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the same ideas of merit ; and it is quite possible that an examiner, eqally able as ourselves, might present a very different list. Some names that we have inserted he would have rejected; others that we have rejected he would have inserted. We carefully examine all the papers that are sent us, and decide as justly as we are able. It is not a pleasant task to reject so many papers ; but where we have two hundred competitors, and only four prizes to award, we must of necessity reject one hundred and ninety-six. Therefore, we are of opinion that the Young Scholar will have to depend for success upon its own merits rather than the hopes of its readers to gain prizes through it. If they think there is a pennyworth of reading in it for their penny, they will doubtless continue to subscribe ; if they think it is not worth the penny they will devote their penny to some other purpose.

We are anxious to insert a few short essays every month, contributed by our young readers. Thus the Young Scholar will be their own book in two ways: it is a book compiled especially for their use, and containing papers written by them. But these short essays must be of such a nature as to interest the other readers of the magazine. Most boys and girls know something that other boys and girls don't know : and by this means, if it is worth telling, they can tell it. Papers on Scripture cannot be inserted under young scholars' compositions, as most boys and girls have Bibles of their own, which they can read at home when they like.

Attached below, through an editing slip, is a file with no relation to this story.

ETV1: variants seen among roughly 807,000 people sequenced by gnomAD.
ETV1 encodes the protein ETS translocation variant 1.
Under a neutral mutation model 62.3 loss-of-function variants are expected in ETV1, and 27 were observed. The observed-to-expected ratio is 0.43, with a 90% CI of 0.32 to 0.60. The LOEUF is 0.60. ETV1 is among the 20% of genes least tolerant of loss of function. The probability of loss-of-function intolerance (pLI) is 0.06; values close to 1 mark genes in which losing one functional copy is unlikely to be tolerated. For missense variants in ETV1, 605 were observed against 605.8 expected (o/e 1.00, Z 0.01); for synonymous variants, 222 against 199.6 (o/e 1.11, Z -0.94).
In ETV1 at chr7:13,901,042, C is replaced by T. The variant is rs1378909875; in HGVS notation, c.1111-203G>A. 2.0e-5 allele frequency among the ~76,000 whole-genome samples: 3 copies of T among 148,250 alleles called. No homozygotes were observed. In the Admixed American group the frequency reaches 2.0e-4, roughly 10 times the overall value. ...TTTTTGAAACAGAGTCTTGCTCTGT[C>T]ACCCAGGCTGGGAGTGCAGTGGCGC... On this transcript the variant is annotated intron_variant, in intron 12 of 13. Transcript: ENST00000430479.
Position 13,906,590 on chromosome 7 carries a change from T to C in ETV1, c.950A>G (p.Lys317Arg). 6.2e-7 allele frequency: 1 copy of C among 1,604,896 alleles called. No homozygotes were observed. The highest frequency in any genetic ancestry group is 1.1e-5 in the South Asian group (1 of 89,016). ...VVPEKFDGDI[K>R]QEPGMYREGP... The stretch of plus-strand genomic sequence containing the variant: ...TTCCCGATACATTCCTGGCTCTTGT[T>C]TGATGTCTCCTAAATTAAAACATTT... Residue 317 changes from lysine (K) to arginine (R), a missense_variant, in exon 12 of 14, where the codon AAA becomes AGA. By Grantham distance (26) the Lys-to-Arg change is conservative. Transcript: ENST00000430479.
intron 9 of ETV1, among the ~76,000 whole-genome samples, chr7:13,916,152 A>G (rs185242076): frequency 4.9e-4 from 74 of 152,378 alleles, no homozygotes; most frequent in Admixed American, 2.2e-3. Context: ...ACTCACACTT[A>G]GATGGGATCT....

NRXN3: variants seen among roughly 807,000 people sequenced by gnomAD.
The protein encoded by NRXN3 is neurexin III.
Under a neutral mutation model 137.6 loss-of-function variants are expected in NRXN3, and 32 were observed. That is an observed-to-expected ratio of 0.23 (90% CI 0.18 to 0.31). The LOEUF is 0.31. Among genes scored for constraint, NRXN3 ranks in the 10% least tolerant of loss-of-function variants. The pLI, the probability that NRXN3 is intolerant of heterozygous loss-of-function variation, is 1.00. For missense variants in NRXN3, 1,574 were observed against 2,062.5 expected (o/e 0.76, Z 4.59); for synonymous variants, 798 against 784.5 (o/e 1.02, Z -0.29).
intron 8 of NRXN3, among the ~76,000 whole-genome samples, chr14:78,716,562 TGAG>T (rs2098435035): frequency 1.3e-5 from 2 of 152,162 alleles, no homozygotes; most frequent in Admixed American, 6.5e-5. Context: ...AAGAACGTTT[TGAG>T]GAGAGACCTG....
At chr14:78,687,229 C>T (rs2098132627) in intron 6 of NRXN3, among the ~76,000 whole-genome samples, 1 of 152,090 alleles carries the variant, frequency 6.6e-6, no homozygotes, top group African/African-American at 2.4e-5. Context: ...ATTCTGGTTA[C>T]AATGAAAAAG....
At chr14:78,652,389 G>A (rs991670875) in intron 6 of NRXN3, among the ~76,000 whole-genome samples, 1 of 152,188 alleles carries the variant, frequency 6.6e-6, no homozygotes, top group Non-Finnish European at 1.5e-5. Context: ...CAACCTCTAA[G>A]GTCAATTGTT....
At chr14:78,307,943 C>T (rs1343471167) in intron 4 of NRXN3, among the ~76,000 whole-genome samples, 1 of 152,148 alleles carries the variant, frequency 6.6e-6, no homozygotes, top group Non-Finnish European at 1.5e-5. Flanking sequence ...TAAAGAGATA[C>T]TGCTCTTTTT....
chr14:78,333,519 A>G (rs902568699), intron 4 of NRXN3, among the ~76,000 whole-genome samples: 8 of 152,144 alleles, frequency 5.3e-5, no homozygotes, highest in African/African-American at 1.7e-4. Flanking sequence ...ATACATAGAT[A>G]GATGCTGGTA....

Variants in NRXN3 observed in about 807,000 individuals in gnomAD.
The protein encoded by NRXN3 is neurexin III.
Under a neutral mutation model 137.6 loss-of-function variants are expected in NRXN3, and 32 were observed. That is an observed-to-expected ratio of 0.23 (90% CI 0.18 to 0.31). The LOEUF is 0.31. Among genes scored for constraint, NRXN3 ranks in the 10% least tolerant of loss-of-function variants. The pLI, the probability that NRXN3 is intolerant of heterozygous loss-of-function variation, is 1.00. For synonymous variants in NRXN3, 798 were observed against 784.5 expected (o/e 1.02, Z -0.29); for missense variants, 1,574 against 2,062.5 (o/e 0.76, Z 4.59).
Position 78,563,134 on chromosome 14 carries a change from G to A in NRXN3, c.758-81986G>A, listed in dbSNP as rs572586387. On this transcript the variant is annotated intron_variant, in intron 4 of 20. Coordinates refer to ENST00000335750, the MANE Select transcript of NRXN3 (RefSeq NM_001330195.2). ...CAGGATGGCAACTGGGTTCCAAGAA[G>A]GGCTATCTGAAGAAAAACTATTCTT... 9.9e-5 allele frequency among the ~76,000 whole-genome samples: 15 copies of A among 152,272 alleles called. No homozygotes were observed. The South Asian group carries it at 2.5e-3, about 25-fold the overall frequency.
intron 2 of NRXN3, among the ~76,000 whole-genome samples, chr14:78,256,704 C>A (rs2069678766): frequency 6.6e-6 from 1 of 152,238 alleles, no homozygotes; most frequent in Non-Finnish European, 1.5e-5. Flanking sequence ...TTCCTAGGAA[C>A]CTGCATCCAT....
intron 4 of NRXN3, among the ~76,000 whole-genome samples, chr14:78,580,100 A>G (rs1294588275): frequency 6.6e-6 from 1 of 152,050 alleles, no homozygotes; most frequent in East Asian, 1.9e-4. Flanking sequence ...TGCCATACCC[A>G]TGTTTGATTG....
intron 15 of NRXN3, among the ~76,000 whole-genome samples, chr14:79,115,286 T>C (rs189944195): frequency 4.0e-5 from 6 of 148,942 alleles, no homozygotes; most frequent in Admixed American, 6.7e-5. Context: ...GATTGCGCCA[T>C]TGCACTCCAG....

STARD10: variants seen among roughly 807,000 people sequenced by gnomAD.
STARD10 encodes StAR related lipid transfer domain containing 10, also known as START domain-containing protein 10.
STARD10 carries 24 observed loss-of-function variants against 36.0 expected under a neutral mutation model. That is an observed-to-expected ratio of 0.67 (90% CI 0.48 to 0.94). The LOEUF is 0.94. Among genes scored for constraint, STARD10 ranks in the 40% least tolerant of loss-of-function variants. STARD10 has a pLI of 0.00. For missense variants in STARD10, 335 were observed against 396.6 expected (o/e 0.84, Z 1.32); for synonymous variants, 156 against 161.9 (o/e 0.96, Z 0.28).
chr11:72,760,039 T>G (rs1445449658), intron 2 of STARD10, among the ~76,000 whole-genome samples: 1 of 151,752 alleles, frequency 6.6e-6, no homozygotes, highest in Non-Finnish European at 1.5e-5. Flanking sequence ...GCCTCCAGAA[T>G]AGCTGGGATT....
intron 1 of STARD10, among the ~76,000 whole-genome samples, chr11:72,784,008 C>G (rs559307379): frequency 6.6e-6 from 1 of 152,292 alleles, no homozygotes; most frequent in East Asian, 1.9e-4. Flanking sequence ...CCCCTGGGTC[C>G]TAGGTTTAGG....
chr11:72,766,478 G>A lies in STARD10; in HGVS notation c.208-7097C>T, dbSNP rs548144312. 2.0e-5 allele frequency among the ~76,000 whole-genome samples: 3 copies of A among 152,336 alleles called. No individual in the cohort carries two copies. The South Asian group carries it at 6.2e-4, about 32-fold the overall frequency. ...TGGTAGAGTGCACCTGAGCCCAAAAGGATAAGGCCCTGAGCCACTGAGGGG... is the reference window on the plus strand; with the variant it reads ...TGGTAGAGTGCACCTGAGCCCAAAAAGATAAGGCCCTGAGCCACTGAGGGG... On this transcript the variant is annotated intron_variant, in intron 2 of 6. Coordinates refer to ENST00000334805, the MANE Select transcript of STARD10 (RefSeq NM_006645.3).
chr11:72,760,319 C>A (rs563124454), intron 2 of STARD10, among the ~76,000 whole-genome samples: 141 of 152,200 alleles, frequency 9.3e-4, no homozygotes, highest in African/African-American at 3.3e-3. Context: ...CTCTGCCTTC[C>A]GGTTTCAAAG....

If a boy or girl in the first class would like to write a longer essay than would be inserted under young scholars' compositions, we will undertake to examine them, and insert such as would be suitable. Such essays will be inserted as distinct articles in the magazine, printed in the ordinary type. They must be certified as honestly written, and we should be better pleased if they contained at the end a list of the books that had been consulted. A sensible paper might be written from only one book, but the facts should be arranged in a different manner, and the language not the language of the book, but of the writer of the paper. Scholars must consider it a great honour if one of their essays is inserted in this manner; so they must not be disheartened if the first or second they send is rejected. It is only by constantly trying that we can succeed ; and most successful men have only obtained their success after patiently bearing failure after failure.